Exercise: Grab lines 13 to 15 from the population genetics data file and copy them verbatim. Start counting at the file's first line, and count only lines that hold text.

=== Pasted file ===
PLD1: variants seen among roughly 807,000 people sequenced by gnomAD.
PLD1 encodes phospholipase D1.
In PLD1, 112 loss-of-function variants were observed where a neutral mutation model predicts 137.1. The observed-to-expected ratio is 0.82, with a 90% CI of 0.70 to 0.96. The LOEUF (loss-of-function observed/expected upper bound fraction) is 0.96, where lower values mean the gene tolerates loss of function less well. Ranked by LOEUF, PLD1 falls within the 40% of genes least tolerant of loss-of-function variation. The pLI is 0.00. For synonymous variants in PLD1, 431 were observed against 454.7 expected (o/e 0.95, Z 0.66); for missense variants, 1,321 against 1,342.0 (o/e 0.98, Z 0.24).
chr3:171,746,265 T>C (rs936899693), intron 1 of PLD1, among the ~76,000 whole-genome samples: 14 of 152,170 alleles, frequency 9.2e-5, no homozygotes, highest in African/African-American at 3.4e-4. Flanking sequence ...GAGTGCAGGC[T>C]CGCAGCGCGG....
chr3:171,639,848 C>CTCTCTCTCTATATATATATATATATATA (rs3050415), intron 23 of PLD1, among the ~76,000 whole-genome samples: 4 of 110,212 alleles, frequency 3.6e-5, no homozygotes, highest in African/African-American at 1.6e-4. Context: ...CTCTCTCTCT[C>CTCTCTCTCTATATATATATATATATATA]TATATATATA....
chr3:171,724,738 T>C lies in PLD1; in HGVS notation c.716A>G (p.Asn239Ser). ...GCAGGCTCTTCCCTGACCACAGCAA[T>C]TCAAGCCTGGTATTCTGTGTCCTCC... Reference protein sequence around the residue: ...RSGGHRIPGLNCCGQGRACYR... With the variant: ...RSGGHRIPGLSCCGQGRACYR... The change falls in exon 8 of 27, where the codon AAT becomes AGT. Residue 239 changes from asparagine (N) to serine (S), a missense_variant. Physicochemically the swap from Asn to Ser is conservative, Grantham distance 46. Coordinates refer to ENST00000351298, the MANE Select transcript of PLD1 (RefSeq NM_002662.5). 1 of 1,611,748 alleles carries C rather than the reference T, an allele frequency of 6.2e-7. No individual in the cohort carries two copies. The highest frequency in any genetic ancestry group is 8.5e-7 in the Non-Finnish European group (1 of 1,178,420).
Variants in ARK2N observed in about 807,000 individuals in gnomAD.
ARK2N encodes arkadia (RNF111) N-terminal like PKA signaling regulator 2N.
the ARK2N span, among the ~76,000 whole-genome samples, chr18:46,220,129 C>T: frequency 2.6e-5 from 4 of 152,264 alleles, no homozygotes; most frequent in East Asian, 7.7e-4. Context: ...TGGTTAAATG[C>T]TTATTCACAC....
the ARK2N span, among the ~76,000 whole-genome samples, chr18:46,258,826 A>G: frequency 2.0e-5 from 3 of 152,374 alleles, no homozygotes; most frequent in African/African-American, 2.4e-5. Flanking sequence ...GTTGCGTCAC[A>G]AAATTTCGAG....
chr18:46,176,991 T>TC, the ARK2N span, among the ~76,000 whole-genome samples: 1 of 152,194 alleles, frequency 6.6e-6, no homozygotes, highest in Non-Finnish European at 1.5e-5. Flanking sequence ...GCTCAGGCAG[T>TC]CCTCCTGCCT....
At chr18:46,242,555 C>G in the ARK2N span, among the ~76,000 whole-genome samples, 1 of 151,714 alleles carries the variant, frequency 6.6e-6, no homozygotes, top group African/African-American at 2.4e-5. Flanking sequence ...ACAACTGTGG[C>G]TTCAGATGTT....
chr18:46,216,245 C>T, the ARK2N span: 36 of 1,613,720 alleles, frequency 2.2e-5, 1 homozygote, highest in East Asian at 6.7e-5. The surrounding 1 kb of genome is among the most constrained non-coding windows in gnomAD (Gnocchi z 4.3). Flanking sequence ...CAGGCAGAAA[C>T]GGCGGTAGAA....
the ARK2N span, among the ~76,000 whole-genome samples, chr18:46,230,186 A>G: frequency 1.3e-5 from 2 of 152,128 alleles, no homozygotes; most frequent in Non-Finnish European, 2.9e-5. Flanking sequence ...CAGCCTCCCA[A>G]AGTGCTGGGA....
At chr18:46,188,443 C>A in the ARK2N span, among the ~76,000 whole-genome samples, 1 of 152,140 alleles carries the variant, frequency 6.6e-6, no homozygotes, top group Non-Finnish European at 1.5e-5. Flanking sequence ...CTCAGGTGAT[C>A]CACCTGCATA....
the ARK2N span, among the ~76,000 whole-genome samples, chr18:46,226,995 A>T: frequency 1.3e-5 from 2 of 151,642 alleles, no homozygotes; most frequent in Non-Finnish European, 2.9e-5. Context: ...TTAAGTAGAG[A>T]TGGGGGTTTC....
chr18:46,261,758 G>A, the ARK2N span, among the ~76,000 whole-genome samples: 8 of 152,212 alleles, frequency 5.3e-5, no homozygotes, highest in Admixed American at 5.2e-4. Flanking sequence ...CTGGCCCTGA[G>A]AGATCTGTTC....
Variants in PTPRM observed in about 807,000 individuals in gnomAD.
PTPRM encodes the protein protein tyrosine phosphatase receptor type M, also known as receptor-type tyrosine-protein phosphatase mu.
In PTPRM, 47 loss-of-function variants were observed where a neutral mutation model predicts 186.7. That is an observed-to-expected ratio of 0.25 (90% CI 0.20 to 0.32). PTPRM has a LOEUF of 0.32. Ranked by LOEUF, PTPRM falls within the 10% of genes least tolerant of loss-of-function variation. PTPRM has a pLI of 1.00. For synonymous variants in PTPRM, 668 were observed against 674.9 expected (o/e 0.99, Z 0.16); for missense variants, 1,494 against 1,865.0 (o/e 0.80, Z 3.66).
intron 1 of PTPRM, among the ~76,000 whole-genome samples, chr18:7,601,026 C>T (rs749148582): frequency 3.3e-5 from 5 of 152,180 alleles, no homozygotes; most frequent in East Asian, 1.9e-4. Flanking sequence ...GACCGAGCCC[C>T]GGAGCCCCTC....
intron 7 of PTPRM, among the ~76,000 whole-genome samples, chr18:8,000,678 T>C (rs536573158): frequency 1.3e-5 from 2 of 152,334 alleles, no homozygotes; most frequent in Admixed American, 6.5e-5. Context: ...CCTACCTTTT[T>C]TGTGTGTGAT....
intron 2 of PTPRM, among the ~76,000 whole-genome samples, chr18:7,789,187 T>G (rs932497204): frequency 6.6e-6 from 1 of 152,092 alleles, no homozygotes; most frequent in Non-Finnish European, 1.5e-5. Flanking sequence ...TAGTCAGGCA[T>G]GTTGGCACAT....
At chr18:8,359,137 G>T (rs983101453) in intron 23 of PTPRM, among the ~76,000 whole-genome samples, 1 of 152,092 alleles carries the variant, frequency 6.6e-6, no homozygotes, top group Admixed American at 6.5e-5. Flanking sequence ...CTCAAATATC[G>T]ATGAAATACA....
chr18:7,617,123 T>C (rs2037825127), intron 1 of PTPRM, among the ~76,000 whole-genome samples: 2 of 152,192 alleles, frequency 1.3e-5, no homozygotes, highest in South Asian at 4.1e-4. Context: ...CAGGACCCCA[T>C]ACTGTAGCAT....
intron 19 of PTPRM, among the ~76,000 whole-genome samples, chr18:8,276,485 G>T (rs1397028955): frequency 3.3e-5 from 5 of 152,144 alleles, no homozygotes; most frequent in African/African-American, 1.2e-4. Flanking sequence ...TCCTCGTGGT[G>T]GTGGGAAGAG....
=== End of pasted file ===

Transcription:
chr18:46,216,245 C>T, the ARK2N span: 36 of 1,613,720 alleles, frequency 2.2e-5, 1 homozygote, highest in East Asian at 6.7e-5. The surrounding 1 kb of genome is among the most constrained non-coding windows in gnomAD (Gnocchi z 4.3). Flanking sequence ...CAGGCAGAAA[C>T]GGCGGTAGAA....
the ARK2N span, among the ~76,000 whole-genome samples, chr18:46,230,186 A>G: frequency 1.3e-5 from 2 of 152,128 alleles, no homozygotes; most frequent in Non-Finnish European, 2.9e-5. Flanking sequence ...CAGCCTCCCA[A>G]AGTGCTGGGA....
At chr18:46,188,443 C>A in the ARK2N span, among the ~76,000 whole-genome samples, 1 of 152,140 alleles carries the variant, frequency 6.6e-6, no homozygotes, top group Non-Finnish European at 1.5e-5. Flanking sequence ...CTCAGGTGAT[C>A]CACCTGCATA....